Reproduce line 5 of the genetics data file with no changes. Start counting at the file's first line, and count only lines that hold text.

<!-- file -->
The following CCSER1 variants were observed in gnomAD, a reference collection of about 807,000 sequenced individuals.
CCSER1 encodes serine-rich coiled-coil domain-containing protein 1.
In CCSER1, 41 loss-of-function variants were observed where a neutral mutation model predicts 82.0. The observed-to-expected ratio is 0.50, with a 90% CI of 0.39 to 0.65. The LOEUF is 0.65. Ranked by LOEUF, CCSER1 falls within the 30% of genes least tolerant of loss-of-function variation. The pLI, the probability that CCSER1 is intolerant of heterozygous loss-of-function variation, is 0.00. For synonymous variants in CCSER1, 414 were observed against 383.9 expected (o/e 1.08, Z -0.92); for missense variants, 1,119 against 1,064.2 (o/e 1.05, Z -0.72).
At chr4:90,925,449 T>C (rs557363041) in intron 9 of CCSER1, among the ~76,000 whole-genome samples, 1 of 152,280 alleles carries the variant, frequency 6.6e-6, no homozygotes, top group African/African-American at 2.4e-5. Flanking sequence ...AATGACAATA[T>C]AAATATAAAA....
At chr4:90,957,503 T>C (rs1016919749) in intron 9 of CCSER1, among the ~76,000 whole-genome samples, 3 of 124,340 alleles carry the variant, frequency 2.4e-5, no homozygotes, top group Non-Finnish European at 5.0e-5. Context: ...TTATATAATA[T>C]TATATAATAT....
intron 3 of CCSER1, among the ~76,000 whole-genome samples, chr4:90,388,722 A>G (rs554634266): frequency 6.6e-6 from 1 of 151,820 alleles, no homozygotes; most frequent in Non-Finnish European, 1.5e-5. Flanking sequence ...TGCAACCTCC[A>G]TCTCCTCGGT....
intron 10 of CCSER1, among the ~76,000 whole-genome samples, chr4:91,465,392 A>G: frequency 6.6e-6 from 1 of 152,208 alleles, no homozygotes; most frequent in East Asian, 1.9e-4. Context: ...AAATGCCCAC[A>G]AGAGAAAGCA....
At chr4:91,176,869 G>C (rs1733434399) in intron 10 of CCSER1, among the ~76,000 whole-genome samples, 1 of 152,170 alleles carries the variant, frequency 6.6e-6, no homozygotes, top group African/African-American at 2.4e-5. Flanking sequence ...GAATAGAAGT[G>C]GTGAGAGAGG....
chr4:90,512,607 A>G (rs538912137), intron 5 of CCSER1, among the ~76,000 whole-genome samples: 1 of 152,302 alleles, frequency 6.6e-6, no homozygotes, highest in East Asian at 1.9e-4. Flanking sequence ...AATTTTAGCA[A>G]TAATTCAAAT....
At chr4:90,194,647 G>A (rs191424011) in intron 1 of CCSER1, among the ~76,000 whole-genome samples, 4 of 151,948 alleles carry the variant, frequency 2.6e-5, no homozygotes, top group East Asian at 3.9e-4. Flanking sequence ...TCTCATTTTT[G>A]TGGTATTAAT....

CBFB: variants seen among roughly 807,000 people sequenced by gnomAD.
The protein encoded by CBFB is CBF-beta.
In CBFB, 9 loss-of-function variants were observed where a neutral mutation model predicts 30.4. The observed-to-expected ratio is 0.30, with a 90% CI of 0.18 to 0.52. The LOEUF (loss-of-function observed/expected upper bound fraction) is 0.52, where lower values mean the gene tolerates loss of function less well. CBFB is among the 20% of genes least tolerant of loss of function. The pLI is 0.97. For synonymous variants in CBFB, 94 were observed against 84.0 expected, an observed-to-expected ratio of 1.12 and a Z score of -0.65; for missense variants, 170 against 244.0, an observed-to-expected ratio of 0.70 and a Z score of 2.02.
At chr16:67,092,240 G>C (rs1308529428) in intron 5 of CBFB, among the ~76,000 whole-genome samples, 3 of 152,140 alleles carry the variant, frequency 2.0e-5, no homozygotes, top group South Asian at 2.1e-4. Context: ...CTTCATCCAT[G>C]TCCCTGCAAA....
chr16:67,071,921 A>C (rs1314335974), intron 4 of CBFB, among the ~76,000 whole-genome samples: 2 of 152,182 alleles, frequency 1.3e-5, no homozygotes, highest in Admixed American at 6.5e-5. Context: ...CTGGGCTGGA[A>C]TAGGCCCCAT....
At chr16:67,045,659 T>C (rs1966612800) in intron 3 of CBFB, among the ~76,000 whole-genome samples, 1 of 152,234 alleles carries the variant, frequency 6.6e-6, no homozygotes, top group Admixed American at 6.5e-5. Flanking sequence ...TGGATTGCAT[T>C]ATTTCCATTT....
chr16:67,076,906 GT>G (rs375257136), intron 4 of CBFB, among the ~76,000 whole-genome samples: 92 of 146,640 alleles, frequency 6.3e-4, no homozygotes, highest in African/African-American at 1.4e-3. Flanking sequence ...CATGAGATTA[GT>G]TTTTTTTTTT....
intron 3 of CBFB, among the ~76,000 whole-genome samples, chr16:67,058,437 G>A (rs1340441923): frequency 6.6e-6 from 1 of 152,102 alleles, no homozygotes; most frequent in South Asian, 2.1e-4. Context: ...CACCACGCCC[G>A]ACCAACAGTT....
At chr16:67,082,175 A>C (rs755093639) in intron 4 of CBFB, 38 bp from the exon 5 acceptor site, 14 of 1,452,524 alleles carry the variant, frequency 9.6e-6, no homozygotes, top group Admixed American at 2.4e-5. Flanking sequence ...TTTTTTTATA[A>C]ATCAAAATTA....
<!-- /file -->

At chr4:90,957,503 T>C (rs1016919749) in intron 9 of CCSER1, among the ~76,000 whole-genome samples, 3 of 124,340 alleles carry the variant, frequency 2.4e-5, no homozygotes, top group Non-Finnish European at 5.0e-5. Context: ...TTATATAATA[T>C]TATATAATAT....